Dramatical Life Of Anne Frank

February 11, 2021 by Essay Writer

“ ‘How can I have changed so much?’ ‘It was quite a different Anne who enjoyed that heavenly existence from the Anne who has grown wise within these walls.’” These are just some of the words that Anne wrote in her diary, nearly two years after her family went into hiding. But what do they mean? Anne Frank’s life was altered dramatically at the age of thirteen, and despite of this, she changed and matured atypically for an isolated young girl.

First of all, Anne matured mentally and grew in knowledge during her time in hiding. Even though confined in the Secret Annexe, her family managed to provide her with the tools and books for learning and she continued her education. This also passes all of the dull and endless hours she spent in the Secret Annexe. Anne says on July 11, 1943, “Ordinary people simply don’t know what books mean to us, shut up here. Reading, learning, and the radio are our amusements.” Anne obviously enjoys writing and perfects the art hoping to make herself a legacy from it. On April 4, 1944, she says, “I want to go on living even after my death! And therefore I am grateful to God for giving this gift, this possibility of developing myself and of writing, of expressing all that is within me.” Anne knows God has given her a gift with words and uses this opportunity in confinement to develop that gift.

Anne also grew in the maturity of her relationships with others. She pushes herself away from her father and mother in the Secret Annexe, and feels the need to talk to someone her own age. She says on March 16, 1944, “Thank goodness the others can’t tell what my inward feelings are, except that I’m growing cooler towards Mummy daily, I’m not so affectionate to Daddy and I don’t tell Margot a single thing. I’m completely closed up.” She slowly starts to open up to Peter and tell him about what she feels about certain things and people in her life. The choices Anne makes are interesting. Instead of opening up, and becoming closer to her family while in hiding, she feels the urge to separate herself. Anne’s relationship with God also changes throughout her time in hiding. In the beginning, she rarely refers to God, whereas towards the end, her references become more frequent. She even becomes hurt when Peter mocks religion. She says on July 6, 1944, “He [Peter] has no religion, scoffs at Jesus Christ, and swears using the name of God; although I’m not orthodox either, it hurts me every time I see how deserted, how scornful, and how poor he really is.”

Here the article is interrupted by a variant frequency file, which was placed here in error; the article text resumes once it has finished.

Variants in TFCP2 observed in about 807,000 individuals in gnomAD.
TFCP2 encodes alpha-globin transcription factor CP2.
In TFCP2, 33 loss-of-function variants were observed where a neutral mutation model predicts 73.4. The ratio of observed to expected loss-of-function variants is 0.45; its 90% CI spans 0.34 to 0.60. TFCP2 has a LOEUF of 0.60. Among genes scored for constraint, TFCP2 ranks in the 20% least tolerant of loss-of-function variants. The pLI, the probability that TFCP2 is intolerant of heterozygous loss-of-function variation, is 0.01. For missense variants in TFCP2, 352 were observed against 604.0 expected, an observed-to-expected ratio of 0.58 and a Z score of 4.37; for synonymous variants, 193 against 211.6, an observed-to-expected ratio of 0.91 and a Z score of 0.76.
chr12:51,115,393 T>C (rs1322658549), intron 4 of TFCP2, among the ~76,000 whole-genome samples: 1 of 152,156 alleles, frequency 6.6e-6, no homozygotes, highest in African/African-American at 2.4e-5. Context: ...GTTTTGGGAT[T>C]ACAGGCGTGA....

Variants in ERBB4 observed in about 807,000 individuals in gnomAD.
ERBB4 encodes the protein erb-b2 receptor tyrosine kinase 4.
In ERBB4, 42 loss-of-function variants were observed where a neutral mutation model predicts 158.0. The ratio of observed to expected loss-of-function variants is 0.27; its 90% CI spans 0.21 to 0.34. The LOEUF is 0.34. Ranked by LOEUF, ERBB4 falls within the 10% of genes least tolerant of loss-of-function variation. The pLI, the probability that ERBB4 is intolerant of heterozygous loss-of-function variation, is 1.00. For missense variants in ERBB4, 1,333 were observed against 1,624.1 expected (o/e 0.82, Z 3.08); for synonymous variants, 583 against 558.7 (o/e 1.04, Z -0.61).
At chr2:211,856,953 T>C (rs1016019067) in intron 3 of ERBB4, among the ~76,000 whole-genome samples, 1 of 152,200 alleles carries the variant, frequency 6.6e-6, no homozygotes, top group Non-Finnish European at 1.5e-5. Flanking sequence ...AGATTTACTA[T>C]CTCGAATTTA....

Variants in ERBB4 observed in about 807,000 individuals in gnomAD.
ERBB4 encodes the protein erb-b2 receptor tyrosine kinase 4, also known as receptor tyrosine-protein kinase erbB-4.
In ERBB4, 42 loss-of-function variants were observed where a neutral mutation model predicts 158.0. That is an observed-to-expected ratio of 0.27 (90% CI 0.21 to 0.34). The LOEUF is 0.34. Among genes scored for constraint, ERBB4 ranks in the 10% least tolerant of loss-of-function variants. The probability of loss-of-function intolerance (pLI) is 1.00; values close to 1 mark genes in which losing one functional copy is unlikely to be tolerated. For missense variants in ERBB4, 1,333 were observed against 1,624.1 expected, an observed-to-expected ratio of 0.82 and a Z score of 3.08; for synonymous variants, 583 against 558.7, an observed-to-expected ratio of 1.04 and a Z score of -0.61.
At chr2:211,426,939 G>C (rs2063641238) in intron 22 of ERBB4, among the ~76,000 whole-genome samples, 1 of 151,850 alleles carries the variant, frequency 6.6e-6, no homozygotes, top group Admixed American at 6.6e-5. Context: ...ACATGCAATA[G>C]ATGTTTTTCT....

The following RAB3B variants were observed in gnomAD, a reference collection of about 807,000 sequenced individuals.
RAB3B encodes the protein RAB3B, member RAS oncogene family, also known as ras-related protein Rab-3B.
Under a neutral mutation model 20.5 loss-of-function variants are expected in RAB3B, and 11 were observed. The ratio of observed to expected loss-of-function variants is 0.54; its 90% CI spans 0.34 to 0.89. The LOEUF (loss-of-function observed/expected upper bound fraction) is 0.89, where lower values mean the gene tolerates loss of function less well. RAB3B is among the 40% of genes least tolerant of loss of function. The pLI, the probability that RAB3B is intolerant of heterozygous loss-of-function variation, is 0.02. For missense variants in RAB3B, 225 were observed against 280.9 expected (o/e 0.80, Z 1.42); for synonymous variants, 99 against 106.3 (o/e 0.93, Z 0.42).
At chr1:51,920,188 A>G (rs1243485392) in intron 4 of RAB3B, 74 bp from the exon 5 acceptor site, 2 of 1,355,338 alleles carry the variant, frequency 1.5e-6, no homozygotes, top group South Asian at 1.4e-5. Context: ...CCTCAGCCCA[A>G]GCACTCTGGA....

Third, suffering is a means by which Anne matures. Paul says in Romans 5:3-4, a “We also rejoice in our sufferings, because we know that suffering produces perseverance; perseverance, character; and character, hope.” Suffering is one of the major ways God shapes a person’s life and in this case, Anne Frank’s suffering leads to maturity. Anne says on November 20, 1942, “But it often makes my head swim if I’m jumped upon too much, and then on top of that have to think about all those other miseries!” Having to remain confined and quiet was exceptionally hard for Anne. In school she was known as the chatterbox, and before she went into hiding, led a very socially oriented life. After a particular meal, Anne ponders and writes that it seems like she just can’t escape being miserable. “A good hearty laugh would help me more than ten Valerian pills, but we’ve almost forgotten how to laugh ” (Sept. 16, 1943). Even later during her time in hiding, she says, “I have now reached the stage that I don’t much care whether I live or die. The world will still keep on turning without me; what is going to happen, will happen, and anyway it’s no good to resist. I trust to luck and do nothing but work, hoping that all will end well” (Feb. 3, 1944). Anne starts to realize at this point that anything could happen to her. She shows new maturity in this realization and even more in the fact that she does not give up, given the possible outcomes. She resolves to keep her hopes up and keep working to the end. That shows both true maturity and resolute courage.

Anne Frank did change by grow in maturity, to a level far above most girls of her age. She did this by gaining mental knowledge, uniting and separating herself from others in hiding with her, and enduring the suffering and hardships that arose in her life. The Diary of Anne Frank has been published and is read worldwide today. Anne seems to have gotten her wish, “to go on living even after [her] death!”

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